Our IHC results demonstrated strong reactivity with Factor XIIIa in cells around the dermal blood vessels. HLA-DP, DQ, DR antigen was also very positive around these vessels (Fig. 1). The inflammatory infiltrate around the vessels was also positive for CD45; this staining highlighted fragmented lymphocytes. Both CD4 and CD68 were negative, and only few cells were positive for CD8 and COX-2 around the dermal blood vessels. Ribo was positive on epidermal cells surrounding the blisters. Some CD15 positive cells were noted around the blisters, and around upper dermal blood vessels.


Blistering drug eruptions are common, possibly due to an aging population and the increased number of medications that many patients are utilizing; the overall drug reaction patterns seem to be more complex than previously described [12]. Many drug reactions may involve excretions of drug breakdown products through the sweat glands, as shown in this case via overexpression of p0071, ARVCF and other markers [3]. Here, we detected reactivity with secondary intracellular cell signaling molecules (Ribo), as well as immunoglobulins, complement, and CD15 to epidermal and dermal antigens. Notably, p0071 is a plakophilin and a member of the p120 (ctn) family of armadillo-related proteins [4]. Here we demonstrated overexpression of p0071 and ARVCF; these molecules are linked with tight, adherens, and occludens cell junctions. We hypothesize that edema and inflammatory cells penetrate the blister through altered cell junctions [3] ARVCF and p0071 molecules are also present in in the cells junctions of the vessels and nerves.

We speculate that the drug reaction elicits inflammation, facilitating the passage of cells as well as serum from adjacent vessels that are overexpressing HLA-DR, DP, DQ antigen. We speculate that additional cells, present in the dermis before initiation of the drug reaction are also involved. In our case, such a constellation of events and cells staining positive for Factor XIIIa, CD15 and CD45 were likely involved in the pathologic process as well as some drug metabolites excreting through the acrosyringia of eccrine glands.

Excretion of material by eccrine glands has previously been described by others in drug reactions [3]. We have previously described increased expression of p0071 in another drug reaction [2]; we speculate that both p0071 and ARVCF not only play roles in maintaining tissue integrity and cell adhesion, but also have putative roles in cell signaling and may help inflammatory mediators to move through cell junctions, as shown by the overexpression of these two molecules. We noted a CD8 T cell response and intensification of HLA-DP, DQ, DR antigen, COX-2 and Ribo expression in the lesion, suggesting not only a non-specific immune response(COX-2), but also a more specific immune response with antigen presentation through the HLA-DP, DQ, DR and T cell interactions; secondary cell signaling is likely occurring via Ribo. These features may explain why some people who have experienced one drug reaction are prone to present with additional drug reactions (possibly due to an immune memory response). In our case ARVCF was overexpressed throughout the dermis. It is known that ARVCF binds to the PDZ-domain of zonula occludens ZO-1 and ZO-2 tight junction proteins [5].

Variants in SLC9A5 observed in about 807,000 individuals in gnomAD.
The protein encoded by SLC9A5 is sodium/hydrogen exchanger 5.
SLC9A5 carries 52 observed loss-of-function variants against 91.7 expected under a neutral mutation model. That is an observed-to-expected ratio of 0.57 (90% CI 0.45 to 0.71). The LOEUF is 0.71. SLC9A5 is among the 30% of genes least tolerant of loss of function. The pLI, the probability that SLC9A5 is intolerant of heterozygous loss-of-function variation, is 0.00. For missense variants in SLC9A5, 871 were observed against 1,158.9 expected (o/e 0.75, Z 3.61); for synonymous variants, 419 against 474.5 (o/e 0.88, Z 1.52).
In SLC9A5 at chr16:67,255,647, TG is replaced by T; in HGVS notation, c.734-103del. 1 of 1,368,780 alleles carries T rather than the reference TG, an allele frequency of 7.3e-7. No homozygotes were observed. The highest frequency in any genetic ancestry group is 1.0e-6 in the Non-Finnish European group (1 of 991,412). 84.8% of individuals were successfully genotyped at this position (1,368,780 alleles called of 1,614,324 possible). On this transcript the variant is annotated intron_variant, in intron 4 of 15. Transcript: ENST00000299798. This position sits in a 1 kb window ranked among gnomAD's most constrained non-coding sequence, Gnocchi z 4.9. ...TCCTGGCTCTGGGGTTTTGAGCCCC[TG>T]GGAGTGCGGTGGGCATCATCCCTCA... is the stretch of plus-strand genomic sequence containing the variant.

Our findings may explain the dot-like reactivity seen in both the dermis and the epidermis with p0071 and ARVCF as a response against likely cell junctions, suggesting that, at least in this case, the drugs acted as triggering factor(s). Specifically, epitopes on cells junctions and/or other molecules were presented as putative antigens through the HLA-DP, DQ, DR overexpression. p0071 has been described as a protein with dual localization in adherens junctions and desmosomes, depending on the cell type examined; here we clearly see an extrusion of p0071 (possibly part of damaged adherens junctions, extruded by the immune response through eccrine sweat glands; see Fig. 1).

In summary, we observed strong reactivity to epidermal and dermal cell junctions in a drug reaction via DIF and IHC. Drug reactions may cause blisters; here, we demonstrated cell junction marker expression for p0071/plakophilin and ARVCF. The overexpression of these markers may in turn contribute to passage of immunologic cells and edema in blister formation, as well as drug metabolite excretion through acrosyringia of eccrine glands. Few publications in the medical literature have described p0071 and ARVCF expression in cutaneous drug reactions.


Basement membrane zone (BMZ), direct immunofluorescence (DIF), immunohistochemistry (IHC), hematoxylin and eosin staining (H&E), armadillo repeat gene deleted in velo-cardiofacial syndrome (ARVCF), tight junctions (TJs), adherens junctions (AJs), ribosomal protein S6-pS240/phosphorylation site specific (Ribo), cyclo-oxygenase 2 (COX-2), 4’,6-diamidino-2-phenylindole (DAPI).


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2. Abreu Velez AM, Barth G, Howard MS. Thrombomodulin overexpression surrounding a subepidermal bullous allergic drug reaction. Our Dermatol Online. 2013;4:514-6.

3. Johnson HL, Maibach HI. Drug excretion in human eccrine sweat. J Invest Dermatol. 1971;56:182-8.

4. Hatzfeld M. Plakophilins: Multifunctional proteins or just regulators of desmosomal adhesion? Biochim Biophys Acta. 2007;1773:69-7.

5. Kausalya PJ, Phua DCY, Hunziker W. Association of ARVCF with zonula occludens (ZO)-1 and ZO-2: Binding to PDZ-Domain proteins and cell-cell adhesion regulate plasma membrane and nuclear localization of ARVCF. Mol Biol Cell. 2004;15:5503-5.


Source of Support: Georgia Dermatopathology Associates, Atlanta, Georgia, USA

Conflict of Interest: None declared.